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In writing this book my intention was to present, in the form of an interesting story, a faithful picture of working-class life...
August 6, 2009 10:18 AM   Subscribe

In August 1910, an Irish sign-painter and decorator named Robert Noonan left the town of Hastings on the south coast of England, and made his way north and west towards Liverpool, with the hope of emigrating to Canada. Already sick with tuberculosis, his condition worsened once he reached the city, and he was to die there in a workhouse hospital ward, in February 1911. He had, however, left in the care of his daughter Kathleen a package that was to change the political landscape of twentieth-century Britain.

Composed between 1906 and 1910, and written under the pen-name of Robert Tressell, The Ragged-Trousered Philanthropists told the story of a group of house-painters and craftsmen living and working in the appalling conditions of Edwardian provincial capitalism, in the fictional town of Mugsborough, a narrative based on Tressell's own working life in Hastings. The novel's central character, Peter Owen, preaches the socialist cause to try to convert his fellow working men (the titular characters, who seem content to 'donate' their labour to their capitalist masters). Tressell was to die without seeing his book in print, but it has now sold over a million copies in numerous languages and it has never been out of print since its eventual publication in 1914; its text can be found here, and Tressell's original manuscript can be scrolled through here. The Trades Union Council keeps detailed pages devoted to Tressell, as does Hastings Museum. The Robert Tressell Society runs an annual festival in the town in his honour. Although after his death in 1911, he was buried in a pauper's grave in Liverpool, a monument was subsequently raised over the spot, as well as at the hospital in which he died. In his adopted home of Hastings he is honoured throughout the townscape, including an accommodation block of the university, and several commemorative plaques. His family received nothing beyond the £25 Kathleen was paid for the rights to the manuscript in 1914, although she and her own son continued to champion the novel's causes. There has been a marked upswing in the book's sales this year, and this week The New Statesman named it number 5 in their list of the most important progressive and liberal books ever (just behind Marx, Engels, and Jesus).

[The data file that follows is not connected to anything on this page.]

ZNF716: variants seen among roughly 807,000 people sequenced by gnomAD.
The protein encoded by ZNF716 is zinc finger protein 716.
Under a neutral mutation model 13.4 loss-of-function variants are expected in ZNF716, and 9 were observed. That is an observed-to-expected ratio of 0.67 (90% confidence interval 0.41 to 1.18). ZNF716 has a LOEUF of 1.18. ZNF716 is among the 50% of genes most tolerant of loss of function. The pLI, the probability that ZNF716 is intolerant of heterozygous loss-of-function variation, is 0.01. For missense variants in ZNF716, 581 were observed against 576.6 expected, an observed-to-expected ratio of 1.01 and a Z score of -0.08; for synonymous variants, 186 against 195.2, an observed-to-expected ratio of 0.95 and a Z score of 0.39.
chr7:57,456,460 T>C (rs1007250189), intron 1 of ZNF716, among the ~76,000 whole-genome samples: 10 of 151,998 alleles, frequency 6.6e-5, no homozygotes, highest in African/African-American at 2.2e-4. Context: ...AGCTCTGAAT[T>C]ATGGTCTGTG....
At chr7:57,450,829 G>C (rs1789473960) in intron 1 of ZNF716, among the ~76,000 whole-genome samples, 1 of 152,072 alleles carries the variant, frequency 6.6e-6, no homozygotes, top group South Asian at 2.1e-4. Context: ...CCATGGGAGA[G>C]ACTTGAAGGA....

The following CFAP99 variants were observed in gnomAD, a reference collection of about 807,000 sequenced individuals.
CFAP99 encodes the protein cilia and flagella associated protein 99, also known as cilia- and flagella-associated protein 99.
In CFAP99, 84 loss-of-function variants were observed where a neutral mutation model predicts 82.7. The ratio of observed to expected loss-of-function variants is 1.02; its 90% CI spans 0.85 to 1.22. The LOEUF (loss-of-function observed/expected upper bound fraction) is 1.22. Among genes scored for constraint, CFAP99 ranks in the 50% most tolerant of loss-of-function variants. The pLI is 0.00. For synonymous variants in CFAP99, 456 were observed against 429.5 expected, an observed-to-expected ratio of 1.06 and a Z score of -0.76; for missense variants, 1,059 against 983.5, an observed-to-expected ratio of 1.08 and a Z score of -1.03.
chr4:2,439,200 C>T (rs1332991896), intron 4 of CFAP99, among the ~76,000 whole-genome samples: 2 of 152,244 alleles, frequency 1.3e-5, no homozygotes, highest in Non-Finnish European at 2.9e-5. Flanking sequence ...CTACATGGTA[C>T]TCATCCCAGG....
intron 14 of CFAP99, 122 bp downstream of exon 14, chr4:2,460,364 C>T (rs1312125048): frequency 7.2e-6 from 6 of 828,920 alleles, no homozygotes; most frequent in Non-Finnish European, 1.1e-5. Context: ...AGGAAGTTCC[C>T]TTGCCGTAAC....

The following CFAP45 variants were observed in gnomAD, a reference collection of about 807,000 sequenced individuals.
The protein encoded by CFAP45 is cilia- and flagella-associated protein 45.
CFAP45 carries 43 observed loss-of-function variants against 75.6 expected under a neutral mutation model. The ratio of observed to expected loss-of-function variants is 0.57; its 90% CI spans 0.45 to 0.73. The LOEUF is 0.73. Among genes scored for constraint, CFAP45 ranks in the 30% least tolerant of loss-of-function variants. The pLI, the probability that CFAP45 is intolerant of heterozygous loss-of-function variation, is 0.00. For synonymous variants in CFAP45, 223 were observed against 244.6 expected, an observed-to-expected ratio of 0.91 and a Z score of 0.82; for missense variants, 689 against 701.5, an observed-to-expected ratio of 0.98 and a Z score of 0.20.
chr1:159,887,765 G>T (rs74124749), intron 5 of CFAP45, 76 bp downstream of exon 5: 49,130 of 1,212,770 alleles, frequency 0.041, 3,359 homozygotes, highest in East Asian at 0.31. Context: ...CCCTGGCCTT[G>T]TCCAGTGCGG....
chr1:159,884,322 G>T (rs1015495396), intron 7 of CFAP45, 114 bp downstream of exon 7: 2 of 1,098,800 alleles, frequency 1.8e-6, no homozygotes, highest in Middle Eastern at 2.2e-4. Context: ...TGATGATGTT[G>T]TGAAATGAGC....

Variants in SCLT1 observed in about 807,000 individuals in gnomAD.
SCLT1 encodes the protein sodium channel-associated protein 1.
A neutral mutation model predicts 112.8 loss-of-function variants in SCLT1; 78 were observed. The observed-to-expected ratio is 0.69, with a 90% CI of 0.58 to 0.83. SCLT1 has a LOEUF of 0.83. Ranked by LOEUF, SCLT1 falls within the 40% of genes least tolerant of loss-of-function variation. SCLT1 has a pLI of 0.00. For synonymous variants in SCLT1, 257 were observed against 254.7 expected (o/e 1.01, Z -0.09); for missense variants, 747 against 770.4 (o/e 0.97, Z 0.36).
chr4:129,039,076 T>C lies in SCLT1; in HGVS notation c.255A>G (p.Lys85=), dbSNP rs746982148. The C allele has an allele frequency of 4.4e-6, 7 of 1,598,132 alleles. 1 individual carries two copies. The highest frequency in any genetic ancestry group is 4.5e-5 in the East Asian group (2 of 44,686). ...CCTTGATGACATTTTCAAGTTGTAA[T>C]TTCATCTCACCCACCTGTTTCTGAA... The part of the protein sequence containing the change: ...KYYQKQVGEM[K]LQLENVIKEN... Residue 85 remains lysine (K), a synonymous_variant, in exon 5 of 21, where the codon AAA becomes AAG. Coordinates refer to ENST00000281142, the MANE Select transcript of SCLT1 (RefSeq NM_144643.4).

posted by hydatius (12 comments total) 30 users marked this as a favorite

 
Very cool.
posted by ocherdraco at 10:34 AM on August 6, 2009 [1 favorite]


Great stuff, thanks. I live in Brighton and I'd never heard of the Hastings link. (Incidentally, number 6 on the New Statesman list is another Sussex-dwelling radical, Tom Paine. A book about his time in Lewes has just been published).
posted by athenian at 10:57 AM on August 6, 2009


For most of my childhood, I lived just a stone's throw from Noonan's grave -- which is just across the road from Walton Prison. They put the monument up at around the same time as they created a City Farm on a small patch of land adjacent to the cemetary.

The book was one of the first things foisted upon me as a child, growing up in a left-wing Liverpool family. That and the maudlin Her Benny
posted by PeterMcDermott at 11:04 AM on August 6, 2009


I believe our local MP, Eric Heffer was instrumental in raising the money for the memorial. As an joiner before he became a politician, the book resonated greatly with him.
posted by PeterMcDermott at 11:08 AM on August 6, 2009


Great post, thanks.
posted by languagehat at 11:24 AM on August 6, 2009


Here's a link to the City Farm that's adjacent to the gravesite.
posted by PeterMcDermott at 11:48 AM on August 6, 2009


PeterMcDermott: Not just in Liverpool. Her Benny was on the reading list at my suburban Hertfordshire primary school, as well. I didn't like it - though I remember the characters being just annoying rather than self-aware proletarians.
posted by athenian at 11:53 AM on August 6, 2009


Much of the novel still rings true today, e.g. the reflections on the xenophobia of the popular press:

The papers they read were filled with vague and alarming accounts of .. the enormous number of aliens constantly arriving, and their destitute conditions, how they lived, the crimes they committed .. These were the seeds which, cunningly sown in their minds, caused to grow up within them a bitter undiscriminating hatred of foreigners .. It was all as clear as daylight. The foreigner was the enemy.

It's also fascinating to study the manuscript and see how it was revised for publication. The handling of swearwords is interesting. One of the characters complains about 'this bl--dy tea', though elsewhere the word is spelt out in full. A reference to 'that b---r Sawkins' is altered to 'that swine Sawkins'. And a long passage about sex before marriage was obviously too racy for publication in 1914.
posted by verstegan at 1:32 PM on August 6, 2009


Wow, thank you for this.
posted by LobsterMitten at 1:40 PM on August 6, 2009


I consider myself pretty well read, and I'd never heard of this work. Thank you so much!
posted by dejah420 at 3:54 PM on August 6, 2009


I remember the characters being just annoying rather than self-aware proletarians.

I think the message we were supposed to take is that this is what happens when we don't have a welfare state -- children die of cold, selling matches on the street.

In every other respect, I think it's a fairly standard Victorian 'pull yourself up by your bootstraps' melodrama.
posted by PeterMcDermott at 5:47 PM on August 6, 2009


It is a pity he didn't meet Marx, we could have had a revolution!

If they had not both been suffering from appalling health due to the lack of socialised medicine ; )
posted by asok at 6:57 AM on August 7, 2009


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